You may also wish to be aware that since November 1994 all suspected cases of spongiform encephalopathy in animals and poultry were made notifiable. Hence since that date there has been a requirement for vets to report any suspect SE in dogs for further investigation. To date there has never been positive identification of a TSE in a dog.

I hope this is helpful

Yours sincerely 4



WHAT ABOUT THOSE STUMBLING, STAGGERING, AND BLIND DOGS, the old dog syndrome, just another spontaneous event ???

The signs of canine cognitive dysfunction syndrome or "old dog syndrome" commonly seen in dogs are: lose of house training increased barking or whining increased anxiety or fear signs disorientation-appearing lost or confused,getting stuck behind furniture or in corners, walking in circles, becoming forgetful,walking aimlessly,staring into space, repetitious or compulsive behavior change in sleep patterns-up at night, sleep all day

lack of responsiveness other changes,may not recognize you, their name,may become more docile, more aggressive.. You can liken it to human senility. An article at the petcenter says "CDS is not "normal aging". A number of pathophysiological changes are suspected to play a role in its development. These include: * deposition of amyloid plaques in the cerebral cortex and hippocampal part of the brain * alterations in neurotransmitters, including dopamine * increased levels of monoamine oxidase B (MAOB) in the brain * increased levels of free radicals L-DEPRENYL HYDROCHLORIDE SELEGILINE HYDROCHLORIDE,BRAND NAME: ANIPRYL OR ELDEPRYL is used to help treat canine cognitive dysfunction by increasing brain concentrations of the neurotransmitter dopamine. Hopefully you can see a difference in a month or so. If you don't see a difference in the first month, your vet might tell you to try two pills a day for the next month. ANIPRYL doesn't work for all dogs. A great writeup on L-DEPRENYL can be found at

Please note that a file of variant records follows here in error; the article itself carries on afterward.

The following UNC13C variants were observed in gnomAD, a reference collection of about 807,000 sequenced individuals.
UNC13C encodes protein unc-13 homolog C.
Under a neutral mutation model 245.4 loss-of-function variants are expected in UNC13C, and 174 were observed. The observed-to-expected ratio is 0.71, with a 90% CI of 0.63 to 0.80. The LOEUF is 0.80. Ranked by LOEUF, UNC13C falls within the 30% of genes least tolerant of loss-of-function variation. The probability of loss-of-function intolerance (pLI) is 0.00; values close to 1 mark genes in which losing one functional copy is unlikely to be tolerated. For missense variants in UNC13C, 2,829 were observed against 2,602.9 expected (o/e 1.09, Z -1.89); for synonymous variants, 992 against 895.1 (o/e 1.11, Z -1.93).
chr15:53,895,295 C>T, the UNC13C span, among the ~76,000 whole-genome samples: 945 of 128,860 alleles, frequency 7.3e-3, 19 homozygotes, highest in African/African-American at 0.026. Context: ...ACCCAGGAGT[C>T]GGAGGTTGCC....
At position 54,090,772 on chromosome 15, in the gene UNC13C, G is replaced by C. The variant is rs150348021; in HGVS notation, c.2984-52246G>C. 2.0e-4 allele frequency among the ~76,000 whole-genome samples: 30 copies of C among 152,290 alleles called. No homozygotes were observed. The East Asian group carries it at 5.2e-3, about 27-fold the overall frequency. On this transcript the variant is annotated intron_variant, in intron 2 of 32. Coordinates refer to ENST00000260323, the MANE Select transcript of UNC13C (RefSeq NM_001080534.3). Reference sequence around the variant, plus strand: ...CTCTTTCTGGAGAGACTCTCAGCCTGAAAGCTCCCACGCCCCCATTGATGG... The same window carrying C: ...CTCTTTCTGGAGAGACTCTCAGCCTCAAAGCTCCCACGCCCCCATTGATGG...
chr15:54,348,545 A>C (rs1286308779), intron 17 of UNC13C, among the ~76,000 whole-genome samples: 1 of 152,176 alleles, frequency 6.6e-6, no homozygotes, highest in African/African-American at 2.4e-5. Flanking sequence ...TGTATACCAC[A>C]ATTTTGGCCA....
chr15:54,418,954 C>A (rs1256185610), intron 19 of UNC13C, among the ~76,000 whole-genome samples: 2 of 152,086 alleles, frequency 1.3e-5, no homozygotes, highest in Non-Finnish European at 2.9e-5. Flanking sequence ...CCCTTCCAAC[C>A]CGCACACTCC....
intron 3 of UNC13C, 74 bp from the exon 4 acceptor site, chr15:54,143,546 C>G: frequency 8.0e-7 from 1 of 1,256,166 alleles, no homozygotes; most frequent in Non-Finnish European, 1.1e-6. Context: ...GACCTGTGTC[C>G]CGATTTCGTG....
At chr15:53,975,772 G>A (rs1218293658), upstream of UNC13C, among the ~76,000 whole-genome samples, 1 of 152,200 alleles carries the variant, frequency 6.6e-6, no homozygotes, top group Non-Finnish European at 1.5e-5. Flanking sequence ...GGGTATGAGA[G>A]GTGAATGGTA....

"One third of canine CD patients respond extremely well to treatment with deprenyl by regaining their youthful vigor; another one third respond reasonably well; and one third do not respond at all (perhaps there is a variant of CD with different neuropathology). The bottom line is that for any dog that is slowing down to the point that problems become apparent, treatment with deprenyl is the logical route once other organic causes for reduced mental function have been ruled out. Here is a write up on selegline " Selegiline has immune-system-boosting and anti-neurodegenerative effects. ....